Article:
Conscientious Objectors’ Stories
The men held in the cell block at Richmond Castle in 1916 came from many different backgrounds, but had one thing in common – all were conscientious objectors, who refused to take any part in the war effort, whether in combat or support roles. Some of them, known as the Richmond Sixteen, were taken to France in May 1916 where their resistance, in a war zone, potentially carried a death sentence. The stories of some of these men are outlined below.
Norman Gaudie (1888–1955)
Norman Gaudie was called up soon after conscription was introduced in 1916. At the time, he was a clerk in the accounts department of the Eastern Railway, Newcastle, and reserve centre forward for Sunderland Football Club. A devout Congregationalist, he believed that any participation in the war effort would be a denial of his faith.
In early March 1916 he applied for total exemption from military service on religious grounds. He was granted exemption from combatant roles only, and just over a month later was arrested and handed over to the military after failing to report for non-combatant service. His clothes were forcibly removed when he resisted medical examination in Sunderland, and at Newcastle barracks he was made to wear khaki before being sent to the Non-Combatant Corps at Richmond Castle.
Once there, Gaudie spent several periods in detention for continuing to refuse orders. Yet despite his ordeal, his wartime diaries record moments of solidarity and optimism. He thrived on debates with other conscientious objectors, sang hymns, read, recited the Bible and even managed to play chess on a pocket chessboard. His friend Bert Brocklesby (see below) drew a likeness of Gaudie’s mother on their cell wall, copied from a photograph he kept in a secret pocket.
Just over a month after arriving, Gaudie became one of 16 men from Richmond sent to France, court martialled and sentenced to death. Their sentences were immediately reduced to ten years’ penal servitude. Back in Britain, Gaudie spent the rest of the war in civil prisons and work centres in Winchester, Dyce (near Aberdeen), Wakefield, Armley, Leeds and Maidstone.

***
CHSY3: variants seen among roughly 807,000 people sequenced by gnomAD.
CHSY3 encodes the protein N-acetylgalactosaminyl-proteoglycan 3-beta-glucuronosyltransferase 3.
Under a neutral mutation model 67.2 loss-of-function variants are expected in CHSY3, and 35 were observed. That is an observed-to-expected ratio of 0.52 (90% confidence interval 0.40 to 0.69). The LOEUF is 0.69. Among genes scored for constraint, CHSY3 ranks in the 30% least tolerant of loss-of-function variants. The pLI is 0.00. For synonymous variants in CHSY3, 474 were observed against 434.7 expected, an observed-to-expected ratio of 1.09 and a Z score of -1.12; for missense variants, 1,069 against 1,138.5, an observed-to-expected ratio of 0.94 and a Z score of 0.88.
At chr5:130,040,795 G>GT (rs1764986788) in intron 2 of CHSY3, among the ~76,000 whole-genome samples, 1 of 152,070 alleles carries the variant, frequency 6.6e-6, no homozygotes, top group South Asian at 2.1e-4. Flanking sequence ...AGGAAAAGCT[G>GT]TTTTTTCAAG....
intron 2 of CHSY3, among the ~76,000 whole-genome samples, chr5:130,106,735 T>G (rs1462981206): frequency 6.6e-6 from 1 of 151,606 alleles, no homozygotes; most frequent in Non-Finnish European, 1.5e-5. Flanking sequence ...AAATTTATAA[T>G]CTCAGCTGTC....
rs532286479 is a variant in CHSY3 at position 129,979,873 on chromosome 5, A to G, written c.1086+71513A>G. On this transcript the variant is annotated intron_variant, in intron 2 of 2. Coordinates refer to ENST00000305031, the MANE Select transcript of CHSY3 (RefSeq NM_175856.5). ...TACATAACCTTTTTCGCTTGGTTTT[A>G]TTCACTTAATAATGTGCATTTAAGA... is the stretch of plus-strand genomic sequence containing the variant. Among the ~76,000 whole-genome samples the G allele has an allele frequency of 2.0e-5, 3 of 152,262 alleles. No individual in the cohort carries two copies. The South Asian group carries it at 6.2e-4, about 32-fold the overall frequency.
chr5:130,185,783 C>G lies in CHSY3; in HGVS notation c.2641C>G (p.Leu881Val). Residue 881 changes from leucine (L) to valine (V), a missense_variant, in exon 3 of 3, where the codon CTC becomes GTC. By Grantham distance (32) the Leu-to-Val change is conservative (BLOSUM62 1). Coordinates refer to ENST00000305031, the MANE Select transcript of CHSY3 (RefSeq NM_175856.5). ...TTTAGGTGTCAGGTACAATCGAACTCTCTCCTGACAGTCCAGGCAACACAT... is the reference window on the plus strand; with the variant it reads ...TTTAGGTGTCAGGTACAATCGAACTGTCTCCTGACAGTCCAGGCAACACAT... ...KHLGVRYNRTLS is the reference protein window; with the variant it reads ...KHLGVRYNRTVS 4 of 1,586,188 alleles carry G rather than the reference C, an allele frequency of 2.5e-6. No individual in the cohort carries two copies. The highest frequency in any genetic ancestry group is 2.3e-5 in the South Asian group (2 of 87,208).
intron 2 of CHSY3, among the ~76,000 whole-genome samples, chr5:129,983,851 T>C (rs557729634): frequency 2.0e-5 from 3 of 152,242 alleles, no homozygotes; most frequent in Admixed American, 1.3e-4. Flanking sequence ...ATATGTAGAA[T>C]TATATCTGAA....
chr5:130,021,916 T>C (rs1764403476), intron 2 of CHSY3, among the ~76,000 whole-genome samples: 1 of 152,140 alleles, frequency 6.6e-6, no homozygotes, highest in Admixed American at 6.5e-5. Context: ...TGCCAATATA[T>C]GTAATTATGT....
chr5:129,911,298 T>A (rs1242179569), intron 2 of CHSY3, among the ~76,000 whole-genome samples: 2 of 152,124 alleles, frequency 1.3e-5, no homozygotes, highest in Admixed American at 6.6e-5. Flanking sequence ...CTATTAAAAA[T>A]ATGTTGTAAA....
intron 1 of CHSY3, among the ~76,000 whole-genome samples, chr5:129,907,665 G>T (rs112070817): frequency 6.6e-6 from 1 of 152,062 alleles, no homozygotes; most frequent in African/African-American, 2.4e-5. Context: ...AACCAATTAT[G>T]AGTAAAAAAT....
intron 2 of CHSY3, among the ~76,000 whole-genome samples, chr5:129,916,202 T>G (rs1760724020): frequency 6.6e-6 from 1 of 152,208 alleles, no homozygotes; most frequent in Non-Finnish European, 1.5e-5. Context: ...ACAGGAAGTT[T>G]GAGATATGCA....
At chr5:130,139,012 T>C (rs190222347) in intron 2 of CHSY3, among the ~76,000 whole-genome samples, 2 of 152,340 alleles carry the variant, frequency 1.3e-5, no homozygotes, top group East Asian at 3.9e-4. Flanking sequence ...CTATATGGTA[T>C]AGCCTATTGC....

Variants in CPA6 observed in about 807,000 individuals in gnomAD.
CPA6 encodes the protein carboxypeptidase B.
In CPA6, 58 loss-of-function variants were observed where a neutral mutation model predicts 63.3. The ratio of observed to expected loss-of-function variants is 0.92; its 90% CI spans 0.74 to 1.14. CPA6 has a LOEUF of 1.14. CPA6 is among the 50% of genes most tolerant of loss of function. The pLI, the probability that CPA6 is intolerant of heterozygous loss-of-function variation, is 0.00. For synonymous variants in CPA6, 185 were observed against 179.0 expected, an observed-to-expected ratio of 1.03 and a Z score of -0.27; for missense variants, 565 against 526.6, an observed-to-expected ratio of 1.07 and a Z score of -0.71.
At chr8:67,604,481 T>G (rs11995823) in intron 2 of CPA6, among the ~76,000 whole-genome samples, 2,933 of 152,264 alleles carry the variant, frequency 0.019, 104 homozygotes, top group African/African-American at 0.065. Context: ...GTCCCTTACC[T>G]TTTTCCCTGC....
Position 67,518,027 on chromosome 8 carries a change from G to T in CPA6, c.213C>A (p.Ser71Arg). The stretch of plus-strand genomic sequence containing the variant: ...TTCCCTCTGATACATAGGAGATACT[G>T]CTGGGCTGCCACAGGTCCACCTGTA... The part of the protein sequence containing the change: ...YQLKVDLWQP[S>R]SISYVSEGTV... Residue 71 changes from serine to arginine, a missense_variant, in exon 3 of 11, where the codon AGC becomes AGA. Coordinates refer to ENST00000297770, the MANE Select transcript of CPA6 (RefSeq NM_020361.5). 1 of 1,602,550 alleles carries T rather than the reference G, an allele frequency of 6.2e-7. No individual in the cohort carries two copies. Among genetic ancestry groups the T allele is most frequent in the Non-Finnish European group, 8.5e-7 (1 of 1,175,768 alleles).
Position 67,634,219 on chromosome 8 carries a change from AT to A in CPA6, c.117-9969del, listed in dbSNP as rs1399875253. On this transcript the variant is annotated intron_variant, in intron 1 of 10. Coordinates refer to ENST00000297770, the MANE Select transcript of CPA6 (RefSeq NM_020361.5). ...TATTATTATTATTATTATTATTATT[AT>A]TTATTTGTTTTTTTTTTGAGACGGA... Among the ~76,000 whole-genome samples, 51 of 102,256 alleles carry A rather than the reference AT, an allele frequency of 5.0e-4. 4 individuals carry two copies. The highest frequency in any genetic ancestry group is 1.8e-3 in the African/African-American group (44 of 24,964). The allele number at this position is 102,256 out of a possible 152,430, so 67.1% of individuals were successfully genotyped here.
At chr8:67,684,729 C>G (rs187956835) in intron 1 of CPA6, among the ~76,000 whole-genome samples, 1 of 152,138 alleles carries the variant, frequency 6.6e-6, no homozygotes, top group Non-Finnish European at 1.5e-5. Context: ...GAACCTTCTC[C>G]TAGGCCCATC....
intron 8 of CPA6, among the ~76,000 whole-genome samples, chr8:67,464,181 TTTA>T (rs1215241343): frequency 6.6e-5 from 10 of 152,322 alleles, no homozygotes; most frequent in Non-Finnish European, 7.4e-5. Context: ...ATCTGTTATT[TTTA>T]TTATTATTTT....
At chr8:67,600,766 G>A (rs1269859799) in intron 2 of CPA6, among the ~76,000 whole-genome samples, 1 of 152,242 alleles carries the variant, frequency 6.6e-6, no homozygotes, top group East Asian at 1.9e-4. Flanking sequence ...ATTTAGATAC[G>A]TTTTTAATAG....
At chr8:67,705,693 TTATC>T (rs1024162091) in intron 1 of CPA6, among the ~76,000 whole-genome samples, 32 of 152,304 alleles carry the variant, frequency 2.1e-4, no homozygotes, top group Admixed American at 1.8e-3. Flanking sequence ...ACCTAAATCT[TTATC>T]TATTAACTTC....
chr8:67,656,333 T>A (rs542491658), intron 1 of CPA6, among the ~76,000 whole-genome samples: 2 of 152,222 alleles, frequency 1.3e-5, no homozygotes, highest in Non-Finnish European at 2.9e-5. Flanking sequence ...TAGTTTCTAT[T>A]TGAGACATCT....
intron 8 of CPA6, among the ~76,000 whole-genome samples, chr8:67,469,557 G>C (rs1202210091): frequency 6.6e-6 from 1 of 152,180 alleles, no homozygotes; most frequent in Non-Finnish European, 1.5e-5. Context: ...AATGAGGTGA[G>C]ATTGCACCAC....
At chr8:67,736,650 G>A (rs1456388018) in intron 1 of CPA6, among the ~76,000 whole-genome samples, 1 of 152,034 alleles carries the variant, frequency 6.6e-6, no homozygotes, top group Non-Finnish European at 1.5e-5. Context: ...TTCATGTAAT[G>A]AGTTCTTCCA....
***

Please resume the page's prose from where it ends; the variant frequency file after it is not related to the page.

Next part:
After his early release in 1919, like many conscientious objectors Gaudie struggled to find work and acceptance in his local community. This even extended to his passion, sport – the chairman of his local cricket club objected to him playing.
John Hubert Brocklesby (1889–1962)
On 29 February 1916 John Hubert (Bert) Brocklesby, a schoolteacher from Conisbrough, South Yorkshire, confidently explained to the Doncaster Military Tribunal that war contravened the Sixth Commandment in the Bible – ‘Thou shalt not kill’. Brought up as a Wesleyan Methodist in a family of lay preachers, Brocklesby was no stranger to expressing his beliefs.
Nonetheless, the tribunal ordered him to join the newly formed Non-Combatant Corps. To Brocklesby, taking part in its work – related to the war effort, but not actual combat – was just as impossible as fighting, and he refused to enlist. It was only after being arrested that he eventually made his way to Richmond Castle, a base for the Non-Combatant Corps.
At Richmond he repeatedly disobeyed orders and spent several periods of confinement in the cells. While detained he sketched and wrote many graffiti on the cell walls.
Before long, Brocklesby was sent to France. Determined to ensure his family and supporters knew his location, he cleverly doctored a field postcard to read: ‘I am being sent to … b … ou … long’ [Boulogne]. As a result, his brother Phillip, an officer in the army, was able to visit him.
On his return to Britain, Brocklesby was held at Winchester prison before being sent to quarry stone at Dyce Camp, near Aberdeen. On hearing the stone would be used on a military road, he refused to continue working and served the rest of his sentence in civil prisons.